Arthritis is one of the most common diseases associated with the aging process. Although there are many forms of arthritis occurring at various ages, the most common type is the one associated with aging. This type of arthropathy, known as degenerative joint disease or osteoarthritis, can affect many different joints of the body.
The most common joints to become affected are the knees and hips. Surgical procedures involving partial or complete joint replacements are frequently the treatment method in severe cases.
Degenerative joint disease is a disorder which causes the deterioration of the cartilage inside the joints. It is also associated with joint swelling, pain, loss of mobility, joint enlargement, deformity, and crepitus or joint cracking.
There are various treatments available including physical therapy, exercise, acupuncture, nutritional supplements, and herbal preparations.Also Read ==> Pain Behind Knee – Causes and Natural Treatments
One of the more popular treatments is glucosamine sulphate. This product is available in many retail outlets and has been sold to consumers for several decades. It is available in solid, powder, and liquid forms.
Supplements for Arthritis
Although glucosamine and its cousin chondroitin sulphate have been heavily marketed in the supplement industry, there has been a considerable amount of contradictory evidence regarding its effectiveness in a clinical setting. Glucosamine is one of the most frequently utilized remedies for arthritis with over two billion dollars in global sales.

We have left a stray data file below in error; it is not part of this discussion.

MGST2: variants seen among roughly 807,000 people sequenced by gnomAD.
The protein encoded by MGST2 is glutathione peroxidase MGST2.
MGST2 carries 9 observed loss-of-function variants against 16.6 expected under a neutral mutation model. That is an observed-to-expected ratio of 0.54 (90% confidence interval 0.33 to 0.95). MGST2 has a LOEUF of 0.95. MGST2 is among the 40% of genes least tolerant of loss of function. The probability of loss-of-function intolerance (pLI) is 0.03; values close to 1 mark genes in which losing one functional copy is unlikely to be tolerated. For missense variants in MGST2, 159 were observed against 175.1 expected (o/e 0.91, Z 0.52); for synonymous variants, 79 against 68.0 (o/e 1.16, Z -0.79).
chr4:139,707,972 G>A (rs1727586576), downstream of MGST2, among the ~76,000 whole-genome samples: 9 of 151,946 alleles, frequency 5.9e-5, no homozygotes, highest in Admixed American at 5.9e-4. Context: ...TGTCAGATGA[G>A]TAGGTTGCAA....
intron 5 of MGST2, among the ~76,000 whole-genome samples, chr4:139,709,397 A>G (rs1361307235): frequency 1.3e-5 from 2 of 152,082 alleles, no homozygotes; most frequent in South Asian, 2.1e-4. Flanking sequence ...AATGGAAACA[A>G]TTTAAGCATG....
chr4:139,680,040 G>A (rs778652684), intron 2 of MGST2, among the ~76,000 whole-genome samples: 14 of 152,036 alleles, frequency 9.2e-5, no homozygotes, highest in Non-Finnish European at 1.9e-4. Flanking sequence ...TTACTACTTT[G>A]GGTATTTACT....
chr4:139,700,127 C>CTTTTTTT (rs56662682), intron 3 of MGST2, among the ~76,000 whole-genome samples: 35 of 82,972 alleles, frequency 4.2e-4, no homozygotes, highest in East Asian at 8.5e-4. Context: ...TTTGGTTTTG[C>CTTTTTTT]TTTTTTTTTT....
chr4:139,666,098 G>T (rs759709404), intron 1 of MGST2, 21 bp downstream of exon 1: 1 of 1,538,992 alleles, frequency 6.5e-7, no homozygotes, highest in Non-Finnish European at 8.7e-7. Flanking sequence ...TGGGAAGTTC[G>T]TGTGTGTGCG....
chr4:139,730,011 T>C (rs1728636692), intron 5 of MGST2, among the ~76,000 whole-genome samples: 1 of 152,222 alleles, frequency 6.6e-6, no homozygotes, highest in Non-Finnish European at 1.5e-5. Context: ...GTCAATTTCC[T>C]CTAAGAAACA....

A recent study published in the journal Arthritis & Rheumatology may add to the confusion. This study was somewhat interesting because it not only looked at the effects of glucosamine on knee pain in patients with osteoarthritis, but also assessed its effects upon the degree of cartilage deterioration and damage to the bone ends.
Researchers recruited 201 adults with knee pain caused from degenerative joint disease and randomly assigned them into two different groups. Group one received a daily dose of 1,500 mg of glucosamine in a drink of lemonade. The other group was given a placebo drink containing no glucosamine. During the six month follow-up, the participants were called and asked questions regarding their knee arthritis. At the end of the six-months, all of the subjects had an MRI examination on their knees. They also measured the urinary excretion of a protein called CTX-11 which evaluates the degree of cartilage destruction.
The researchers evaluated the degree of knee pain, amount of cartilage destruction, nature of the bone lesions, and excretion of CTX-11 in the urine of each participant.
The researchers found that there was no difference in any of the measured outcomes between the groups of participants. In other words, the glucosamine had no effect at all on the amount of knee pain, knee pathology, or the degree of cartilage destruction in those taking it compared to those who did not.
Although I am not surprised by the outcome of this study, there are a few issues that are important to consider in this case such as the dosage of glucosamine, the fact that it was taken alone, and the length of time this study was conducted. If taken alone, the dosage of glucosamine should be at least twice this amount and the study time needs to be at least one year in duration.
Most of the newer research regarding the use of glucosamine in the management of degenerative joint disease is not positive.
I recommend other methods such as fish oil, curcumin, ice, and exercise as a conservative means to manage this type of knee pain.
“Glucosamine supplement does not help knee pain or deterioration,” CBC News web site; http://www.cbc.ca/news/health/glucosamine-supplement-does-not-help-knee-pain-or-deterioration-1.2567070, last accessed March 11, 2014.